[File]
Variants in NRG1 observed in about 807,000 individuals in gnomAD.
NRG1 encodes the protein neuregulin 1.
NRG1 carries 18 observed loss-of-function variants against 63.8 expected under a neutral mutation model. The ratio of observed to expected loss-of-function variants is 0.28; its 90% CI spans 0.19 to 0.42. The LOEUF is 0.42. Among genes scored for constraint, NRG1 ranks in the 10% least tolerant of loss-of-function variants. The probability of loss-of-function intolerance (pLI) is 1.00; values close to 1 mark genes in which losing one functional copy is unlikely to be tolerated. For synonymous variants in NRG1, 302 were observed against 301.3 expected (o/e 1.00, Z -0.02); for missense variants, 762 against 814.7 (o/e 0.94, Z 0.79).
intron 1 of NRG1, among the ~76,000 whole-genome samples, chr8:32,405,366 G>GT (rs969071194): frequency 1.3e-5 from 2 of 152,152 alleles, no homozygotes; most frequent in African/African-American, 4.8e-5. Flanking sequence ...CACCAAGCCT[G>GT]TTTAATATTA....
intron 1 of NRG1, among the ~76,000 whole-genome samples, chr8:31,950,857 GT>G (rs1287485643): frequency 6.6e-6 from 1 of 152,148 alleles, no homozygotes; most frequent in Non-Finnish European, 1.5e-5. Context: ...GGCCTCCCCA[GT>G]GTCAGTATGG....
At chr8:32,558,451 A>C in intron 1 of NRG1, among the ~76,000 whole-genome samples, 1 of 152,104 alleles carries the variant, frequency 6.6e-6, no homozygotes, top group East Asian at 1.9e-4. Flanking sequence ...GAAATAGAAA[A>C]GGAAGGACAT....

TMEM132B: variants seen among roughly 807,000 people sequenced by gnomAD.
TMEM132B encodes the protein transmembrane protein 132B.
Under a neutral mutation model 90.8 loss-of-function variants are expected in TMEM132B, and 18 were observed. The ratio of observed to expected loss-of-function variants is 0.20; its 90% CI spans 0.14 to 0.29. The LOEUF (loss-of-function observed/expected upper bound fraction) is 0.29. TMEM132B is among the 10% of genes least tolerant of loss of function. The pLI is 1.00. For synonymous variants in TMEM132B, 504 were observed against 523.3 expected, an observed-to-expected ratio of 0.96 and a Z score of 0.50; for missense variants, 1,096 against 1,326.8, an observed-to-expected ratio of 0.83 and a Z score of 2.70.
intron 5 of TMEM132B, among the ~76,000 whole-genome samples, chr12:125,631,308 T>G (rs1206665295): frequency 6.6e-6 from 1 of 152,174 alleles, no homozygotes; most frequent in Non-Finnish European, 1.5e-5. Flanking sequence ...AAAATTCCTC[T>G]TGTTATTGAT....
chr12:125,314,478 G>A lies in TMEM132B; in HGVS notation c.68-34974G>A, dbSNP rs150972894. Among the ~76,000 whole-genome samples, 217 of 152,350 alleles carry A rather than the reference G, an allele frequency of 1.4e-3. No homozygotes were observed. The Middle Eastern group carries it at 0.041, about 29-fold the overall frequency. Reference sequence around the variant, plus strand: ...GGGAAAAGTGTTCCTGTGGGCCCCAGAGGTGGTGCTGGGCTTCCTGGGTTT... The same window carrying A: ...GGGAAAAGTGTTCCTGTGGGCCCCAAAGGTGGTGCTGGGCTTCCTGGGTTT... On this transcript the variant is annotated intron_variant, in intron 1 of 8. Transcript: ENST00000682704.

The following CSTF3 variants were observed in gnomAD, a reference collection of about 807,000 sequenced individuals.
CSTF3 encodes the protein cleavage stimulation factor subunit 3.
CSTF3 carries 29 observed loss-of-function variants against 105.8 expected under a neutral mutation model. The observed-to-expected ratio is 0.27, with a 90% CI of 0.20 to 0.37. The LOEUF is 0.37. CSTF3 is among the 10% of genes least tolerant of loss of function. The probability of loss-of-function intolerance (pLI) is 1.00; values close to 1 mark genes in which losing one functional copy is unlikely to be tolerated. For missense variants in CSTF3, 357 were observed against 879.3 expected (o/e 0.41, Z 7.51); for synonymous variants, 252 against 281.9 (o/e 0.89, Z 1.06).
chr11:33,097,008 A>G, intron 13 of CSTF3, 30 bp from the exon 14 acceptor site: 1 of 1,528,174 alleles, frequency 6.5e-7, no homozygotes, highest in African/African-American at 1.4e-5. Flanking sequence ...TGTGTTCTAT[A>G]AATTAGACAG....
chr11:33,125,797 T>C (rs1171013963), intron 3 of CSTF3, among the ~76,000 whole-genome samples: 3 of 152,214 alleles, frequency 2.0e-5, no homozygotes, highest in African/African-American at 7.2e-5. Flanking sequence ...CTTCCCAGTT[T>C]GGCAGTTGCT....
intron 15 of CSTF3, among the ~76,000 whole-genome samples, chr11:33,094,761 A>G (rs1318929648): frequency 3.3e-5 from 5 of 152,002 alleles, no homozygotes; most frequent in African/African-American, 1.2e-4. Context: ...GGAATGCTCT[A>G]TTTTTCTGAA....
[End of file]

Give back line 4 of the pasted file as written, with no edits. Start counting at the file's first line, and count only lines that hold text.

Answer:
intron 1 of NRG1, among the ~76,000 whole-genome samples, chr8:32,405,366 G>GT (rs969071194): frequency 1.3e-5 from 2 of 152,152 alleles, no homozygotes; most frequent in African/African-American, 4.8e-5. Flanking sequence ...CACCAAGCCT[G>GT]TTTAATATTA....